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Category:    Home > Reviews > Fantasy > Adventures > Swords > Battles > Sequel > Epic > Literature > The Hobbit: The Battle of Five Armies (2014/Warner Blu-ray w/DVD)

The Hobbit: The Battle of Five Armies (2014/Warner Blu-ray w/DVD)

Picture: A-/B Sound: A/B+ Extras: C Film: B

Well elves, dwarfs, trolls, and hobbits; there you have it, the final film in the Lord of the Rings and Hobbit series. As a notoriously drawn out film series, the three Hobbit films gave the world a final (?) look into the world established by the late, great JRR Tolkien. The three Lord of the Rings films will stand among some of the greatest cinematic achievements of all time; in my opinion acting as one cohesive entity. The Hobbit series is an aside; something fans demanded, something Peter Jackson and only Peter Jackson was to do (even after all the legal battles), but something that did not need to be three films.

It is obvious that the studio wanted to recapture the success of the Lord of the Rings films, but each of the novels those films were adapted from were longer than The Hobbit; yet they only needed one film each. Jackson's argument (besides covering for the studio) was that if this was going to be the end and his last chance to take a stab at the world of Tolkien, he was going to do everything and anything. That is to say much of the side stories in the three films are NOT from The Hobbit, but rather from Tolkien's appendices. It was admirable for Jackson to put so much time and effort into the film series; but assuredly something that only needed two films. This takes us to the review of The Hobbit: The Battle of Five Armies. The film was amazingly fun, engrossing, and I can never have enough Lord of the Rings; but rather than being that epic finale (like that of Return of the King) the film seemed to put it all out there, but sadly fizzled out by the end.

The film picks up directly where the second left off, with Smaug the Dragon (voiced by Benedict Cumberbatch) terrorizing the land and the dwarves attempting to take back what is 'rightfully theirs.' Here we are lead into the [SPOILER ALERT] death of Smaug and subsequent claim to the gold and mountain by dwarves, humans, elves, and Orcs. The characters that we have been so invested in (especially Bilbo and Gandolf) all become a side note to the on screen battle and action. And sadly, what the side stories they do focus on (like a nonsense love triangle), audiences could not care less about.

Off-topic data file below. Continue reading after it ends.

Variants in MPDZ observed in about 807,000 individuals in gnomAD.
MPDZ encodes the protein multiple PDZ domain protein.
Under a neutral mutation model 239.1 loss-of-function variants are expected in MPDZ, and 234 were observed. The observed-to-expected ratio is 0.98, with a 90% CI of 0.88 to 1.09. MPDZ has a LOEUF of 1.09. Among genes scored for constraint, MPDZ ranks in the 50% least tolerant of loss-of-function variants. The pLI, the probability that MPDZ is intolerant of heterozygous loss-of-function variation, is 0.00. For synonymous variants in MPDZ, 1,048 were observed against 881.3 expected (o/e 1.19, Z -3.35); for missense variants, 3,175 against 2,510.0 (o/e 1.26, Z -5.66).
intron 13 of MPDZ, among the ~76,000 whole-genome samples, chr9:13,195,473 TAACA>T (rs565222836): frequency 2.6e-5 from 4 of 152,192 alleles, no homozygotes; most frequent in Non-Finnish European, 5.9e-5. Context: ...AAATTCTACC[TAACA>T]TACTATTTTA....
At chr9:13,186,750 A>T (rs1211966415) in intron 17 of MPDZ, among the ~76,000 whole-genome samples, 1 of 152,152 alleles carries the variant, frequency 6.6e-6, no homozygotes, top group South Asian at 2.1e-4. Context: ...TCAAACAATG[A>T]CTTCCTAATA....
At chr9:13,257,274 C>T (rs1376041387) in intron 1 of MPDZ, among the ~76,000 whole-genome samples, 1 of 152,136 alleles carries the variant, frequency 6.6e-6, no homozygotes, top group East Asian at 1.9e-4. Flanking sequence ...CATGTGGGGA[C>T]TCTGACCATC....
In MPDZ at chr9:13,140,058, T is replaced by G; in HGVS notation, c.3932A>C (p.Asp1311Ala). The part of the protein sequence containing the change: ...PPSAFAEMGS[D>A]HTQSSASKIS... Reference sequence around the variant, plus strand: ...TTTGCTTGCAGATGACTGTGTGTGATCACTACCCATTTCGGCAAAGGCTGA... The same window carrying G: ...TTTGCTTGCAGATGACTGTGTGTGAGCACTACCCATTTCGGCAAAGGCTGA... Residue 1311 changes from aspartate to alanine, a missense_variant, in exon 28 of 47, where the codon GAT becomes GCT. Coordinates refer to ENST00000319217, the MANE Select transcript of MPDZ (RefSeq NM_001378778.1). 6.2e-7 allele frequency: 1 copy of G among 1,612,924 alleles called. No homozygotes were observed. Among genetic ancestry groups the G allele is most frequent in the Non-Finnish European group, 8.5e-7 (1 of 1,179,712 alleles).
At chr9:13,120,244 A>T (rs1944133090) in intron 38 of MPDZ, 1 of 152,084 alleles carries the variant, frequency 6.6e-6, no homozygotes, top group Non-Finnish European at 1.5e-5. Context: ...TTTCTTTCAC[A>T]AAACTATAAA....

The film is beautiful. The battles are crazy and extensive. And the set design and cinematography are out of this world. But again this third installment feels more obligatory than heartfelt; as it completes another trilogy and links up with The Lord of the Rings.

I think Peter Jackson was exhausted at this point. His heart was there but, like audiences, breathed a sigh of relief and muttering 'it's finally done. It's over. I made it through.'

The technical features on this 2D Blu-ray release of The Hobbit: The Battle of Five Armies is stunningly well done, just like the previous two films. I will say (once again) that the films were meant for the high frame rate (48fps HD), 3D format and look better in 3D (also available in a separate Blu-ray set); but, nevertheless, are near demo quality in standard 2D as well. The picture is presented in a marvelous 1080p, AVC encoded, MPEG-4, 2.40 X 1 aspect ratio. The colors are spot on, the blacks are inky, black, and bold and the detail is amazing as you can see every wrinkle, hair, and texture. The films slowly transitioned a darker hue as the story progressed from An Unexpected Journey to Battle of Five Armies. Whereas An Unexpected Journey is very bright (something I took issue with) Five Armies is much darker; though nowhere near the level of The Lord of the Rings Trilogy. The Red Epic Camera System used for this film (and its predecessors) gives the film its amazing details and textures; giving the film a layer of depth and distance unlike many others. There are a few issues here and there with aliasing and minor other gripes; but in the end an excellent presentation. The sound is a lossless DTS-HD Master Audio (MA) 7.1 mix that is superbly engulfing as the viewer is thrown into the heart of the action. If the title alone wasn't enough, I assure you this is an action film where the expansive battle scenes are front and center. The sound is spot on with crisp, clean dialogue, booming bass, solid prioritization and panning, and an overall presence that is admirable to say the least.

The DVD and Digital copy are merely downgrades of the demo quality Blu-ray presentation.

The extras leave something to be desired as many are not available and what is presented is very brief. Extras include:

  • New Zealand: Home of Middle Earth - Part 3

    • Very short look at the various locations used in the film

  • Recruiting the Five Armies

  • A Six Part Saga

  • 'The Last Goodbye': Behind the Scenes

  • A Seventeen Year Journey

  • Music Video

  • Trailer

- Michael P. Dougherty II


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